The country’s national parks are owned by the Federal Government and maintained by the National Park Service, while its state parks are looked after locally.

Established in 1872, Yellowstone is the oldest national park in the US and also the world.

13. The big game

Historically, baseball was the USA’s unofficial national sport, but based on viewing figures it’s been overtaken by American Football.

Each year, Americans all over the country come together on “Super Bowl Sunday” for a day of feasting and festivities, hoping their team will win the National Football League (NFL) championship. 

The day after Super Bowl Sunday is not currently a public holiday in the US, but according to a 2023 poll, 42 percent of workers think it should be.

14. North America’s highest mountain is in the United States

With a height of 6,190 meters (20,310 feet), Denali in the state of Alaska is the highest mountain on the continent of North America. 

Denali is also the tallest mountain in the world when measuring from base to peak rather than sea level to peak.

15. Walmart is the country’s largest employer

With a workforce of almost 2.2 million, Walmart is the USA’s largest employer.

However, the company employs people in other countries too, and only 1.3 million of its employees work in the USA.

There are almost 10,600 Walmart stores worldwide, around 4,600 of which can be found in the US. 

16. Say what?

English might be the most widely spoken language in the US, but surprisingly, the country doesn’t have an official language.

That’s despite their being 337 languages that are spoken in the country, including Spanish, French, Chinese, and Vietnamese, as well as English.

17. The US is home to one of the oldest lifeforms on Earth

Bristlecone pine tree
Ancient bristlecone pine tree

The bristlecone pine tree in the Great Basin Desert is thought to be one of the world’s oldest lifeforms.

The oldest bristlecone ever found in the desert lived for almost 4,900 years before it was chopped down in 1964. The oldest living tree today has been growing for 4,765 years in a secret location in eastern California.

18. The USA has three of the world’s ten longest beaches

Stretching for 70 miles (113 kilometers), Padre Island National Seashore, on Padre Island off the coast of Texas, is the longest beach in the US and the fifth-longest beach in the world.

The US also has the world’s sixth and tenth longest beaches: The Grand Strand in South Carolina and Virginia Beach.

19. It is home to one of the Seven Natural Wonders of the World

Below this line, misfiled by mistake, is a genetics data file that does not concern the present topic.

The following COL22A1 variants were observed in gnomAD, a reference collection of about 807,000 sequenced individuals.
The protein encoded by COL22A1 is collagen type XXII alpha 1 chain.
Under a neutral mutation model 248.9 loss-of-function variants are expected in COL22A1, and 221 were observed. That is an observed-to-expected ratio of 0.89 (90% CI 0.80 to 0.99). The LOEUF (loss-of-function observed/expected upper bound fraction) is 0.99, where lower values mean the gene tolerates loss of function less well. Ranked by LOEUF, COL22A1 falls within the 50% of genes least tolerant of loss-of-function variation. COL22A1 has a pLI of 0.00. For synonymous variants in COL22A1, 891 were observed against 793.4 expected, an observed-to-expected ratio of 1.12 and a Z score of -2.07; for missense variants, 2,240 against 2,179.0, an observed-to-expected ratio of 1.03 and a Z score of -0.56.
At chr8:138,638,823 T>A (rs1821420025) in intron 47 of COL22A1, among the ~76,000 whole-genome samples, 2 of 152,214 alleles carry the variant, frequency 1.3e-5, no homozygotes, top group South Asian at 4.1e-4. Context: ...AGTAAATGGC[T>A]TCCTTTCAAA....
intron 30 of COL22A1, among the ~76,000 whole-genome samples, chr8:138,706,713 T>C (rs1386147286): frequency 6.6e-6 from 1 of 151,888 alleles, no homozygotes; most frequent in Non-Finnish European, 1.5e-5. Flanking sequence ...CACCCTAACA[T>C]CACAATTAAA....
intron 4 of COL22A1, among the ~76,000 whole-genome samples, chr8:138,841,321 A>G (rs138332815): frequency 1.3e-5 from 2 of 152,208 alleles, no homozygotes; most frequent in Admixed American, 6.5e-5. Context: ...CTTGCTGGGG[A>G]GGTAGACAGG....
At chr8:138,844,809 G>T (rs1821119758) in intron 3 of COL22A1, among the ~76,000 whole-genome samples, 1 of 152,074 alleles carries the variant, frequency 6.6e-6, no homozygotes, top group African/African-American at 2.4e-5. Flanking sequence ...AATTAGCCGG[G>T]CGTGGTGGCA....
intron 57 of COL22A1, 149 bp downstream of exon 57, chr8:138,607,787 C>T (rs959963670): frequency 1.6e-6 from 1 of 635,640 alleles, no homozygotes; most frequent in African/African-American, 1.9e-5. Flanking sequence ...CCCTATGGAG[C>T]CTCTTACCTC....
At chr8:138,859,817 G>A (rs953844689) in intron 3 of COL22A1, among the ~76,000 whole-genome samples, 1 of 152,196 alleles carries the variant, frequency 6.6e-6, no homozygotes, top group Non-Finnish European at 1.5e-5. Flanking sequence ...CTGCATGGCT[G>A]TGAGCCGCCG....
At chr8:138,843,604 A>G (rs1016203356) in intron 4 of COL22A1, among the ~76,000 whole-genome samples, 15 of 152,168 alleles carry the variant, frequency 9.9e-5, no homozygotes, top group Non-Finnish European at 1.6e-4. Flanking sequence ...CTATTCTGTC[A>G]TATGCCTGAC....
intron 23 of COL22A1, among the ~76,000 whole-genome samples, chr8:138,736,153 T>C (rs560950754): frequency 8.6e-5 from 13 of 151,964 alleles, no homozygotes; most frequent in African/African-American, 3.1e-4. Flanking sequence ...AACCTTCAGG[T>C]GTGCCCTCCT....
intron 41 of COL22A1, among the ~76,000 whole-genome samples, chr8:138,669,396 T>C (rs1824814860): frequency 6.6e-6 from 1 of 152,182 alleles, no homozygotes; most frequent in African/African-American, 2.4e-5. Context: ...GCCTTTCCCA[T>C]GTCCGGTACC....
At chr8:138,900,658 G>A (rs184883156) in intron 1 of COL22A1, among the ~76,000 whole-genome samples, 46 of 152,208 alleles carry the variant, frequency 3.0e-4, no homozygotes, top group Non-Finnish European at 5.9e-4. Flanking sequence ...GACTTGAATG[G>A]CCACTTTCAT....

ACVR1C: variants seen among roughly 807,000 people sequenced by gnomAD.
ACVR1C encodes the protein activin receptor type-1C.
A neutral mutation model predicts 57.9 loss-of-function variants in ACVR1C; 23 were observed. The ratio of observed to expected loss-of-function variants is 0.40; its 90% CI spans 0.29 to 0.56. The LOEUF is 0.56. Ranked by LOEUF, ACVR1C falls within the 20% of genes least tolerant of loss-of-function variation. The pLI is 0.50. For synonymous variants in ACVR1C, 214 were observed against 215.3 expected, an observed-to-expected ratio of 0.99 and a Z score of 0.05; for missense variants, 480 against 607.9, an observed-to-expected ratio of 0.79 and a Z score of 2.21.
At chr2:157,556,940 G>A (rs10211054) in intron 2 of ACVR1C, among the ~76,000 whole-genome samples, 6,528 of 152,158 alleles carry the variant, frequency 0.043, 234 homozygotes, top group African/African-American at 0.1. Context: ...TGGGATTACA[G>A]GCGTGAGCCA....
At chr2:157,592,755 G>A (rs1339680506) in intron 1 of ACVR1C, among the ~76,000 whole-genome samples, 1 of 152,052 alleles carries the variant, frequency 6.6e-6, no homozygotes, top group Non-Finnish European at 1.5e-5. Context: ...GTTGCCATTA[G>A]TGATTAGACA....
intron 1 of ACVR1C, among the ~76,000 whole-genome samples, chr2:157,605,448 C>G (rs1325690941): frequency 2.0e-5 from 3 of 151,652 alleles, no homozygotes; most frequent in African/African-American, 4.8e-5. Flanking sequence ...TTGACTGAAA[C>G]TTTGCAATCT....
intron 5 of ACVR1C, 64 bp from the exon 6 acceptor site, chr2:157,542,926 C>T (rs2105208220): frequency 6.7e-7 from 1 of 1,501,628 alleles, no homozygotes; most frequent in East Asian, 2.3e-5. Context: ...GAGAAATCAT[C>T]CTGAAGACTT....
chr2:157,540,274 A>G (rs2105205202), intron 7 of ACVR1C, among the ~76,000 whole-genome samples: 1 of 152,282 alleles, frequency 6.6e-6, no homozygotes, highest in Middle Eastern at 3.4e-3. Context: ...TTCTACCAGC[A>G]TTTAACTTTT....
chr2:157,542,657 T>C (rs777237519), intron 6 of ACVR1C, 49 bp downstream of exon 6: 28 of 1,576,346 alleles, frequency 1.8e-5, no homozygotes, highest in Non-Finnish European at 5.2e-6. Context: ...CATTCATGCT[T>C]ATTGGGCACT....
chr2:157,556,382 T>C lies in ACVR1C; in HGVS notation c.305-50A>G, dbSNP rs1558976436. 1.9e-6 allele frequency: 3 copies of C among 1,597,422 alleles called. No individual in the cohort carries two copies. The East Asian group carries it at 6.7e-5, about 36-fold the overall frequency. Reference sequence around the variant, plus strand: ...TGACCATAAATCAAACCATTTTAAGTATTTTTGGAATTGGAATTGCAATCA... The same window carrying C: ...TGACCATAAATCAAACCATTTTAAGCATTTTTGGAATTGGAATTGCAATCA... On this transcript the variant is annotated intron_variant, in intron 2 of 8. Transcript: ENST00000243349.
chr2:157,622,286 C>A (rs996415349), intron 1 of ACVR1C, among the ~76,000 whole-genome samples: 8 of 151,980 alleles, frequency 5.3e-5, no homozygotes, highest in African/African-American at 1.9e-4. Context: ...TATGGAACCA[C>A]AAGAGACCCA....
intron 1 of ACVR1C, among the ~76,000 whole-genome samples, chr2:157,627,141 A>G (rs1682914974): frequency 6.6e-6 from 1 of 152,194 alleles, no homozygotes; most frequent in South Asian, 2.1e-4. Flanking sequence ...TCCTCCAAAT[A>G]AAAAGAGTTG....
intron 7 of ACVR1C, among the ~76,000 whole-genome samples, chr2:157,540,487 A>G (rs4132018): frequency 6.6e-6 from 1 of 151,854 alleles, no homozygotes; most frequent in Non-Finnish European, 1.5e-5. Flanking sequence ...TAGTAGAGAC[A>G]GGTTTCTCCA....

The Grand Canyon in Arizona is one of the Seven Natural Wonders of the World

This impressive landmark stretches for 227 miles, with an average width of more than 10 miles. Each year, more than five million visitors come to the Grand Canyon to witness its immense size for themselves. Many choose to explore the canyon on foot, hiking one of the North Rim and South Rim trails. If you would prefer a more leisurely tour, you can take a helicopter ride from Las Vegas instead.

20. The smallest state can fit into the largest state 430 times

Alaska is by far the USA’s largest state. It covers 665,384 square miles, which means that at 1,545 square miles, the state of Rhode Island could fit into it 430 times.

21. The world’s most active volcano is in Hawaii

Kilauea Volcano
Kilauea Volcano

Indonesia may have the world’s highest number of recently active volcanoes, but with 161 volcanoes, the US has the most overall. 

The vast majority of these are in Hawaii, including the world’s most active volcano — Mount Kilauea. This volcano erupted continuously for 35 years, from 1983 until 2018. Since then, it has been erupting intermittently.

22. Washington, D.C. is not a state

Washington, D.C. is not a state itself, nor is it a part of any other state. Instead, it is classed as a territory.

There are petitions to make Washington, D.C. a state, but nothing has come of them yet.

23. Superior by name…

Lake Superior, one of the five Great Lakes of North America, is the largest freshwater lake in the world by surface area.

24. Fly the flag

The flag of the United States of America
The flag of the United States of America

The first US flag was designed in 1777. It consisted of 13 stars and 13 stripes to represent the 13 colonies that declared independence from Great Britain. Since then, there have been 26 other versions of the US flag, each one coming as new states were declared.

The version with 48 stars was used for 47 years, until 1959, after a high school student named Robert Heft submitted a design to the White House with 50 stars to represent the 50 states. It’s his flag that’s still in use today.

25. We are the champions

In total, the US has won 2,985 Olympic medals — that’s more medals than any other country in the world. 

1,182 of the US’s Olympic medals are gold, 964 are silver, and 839 are bronze.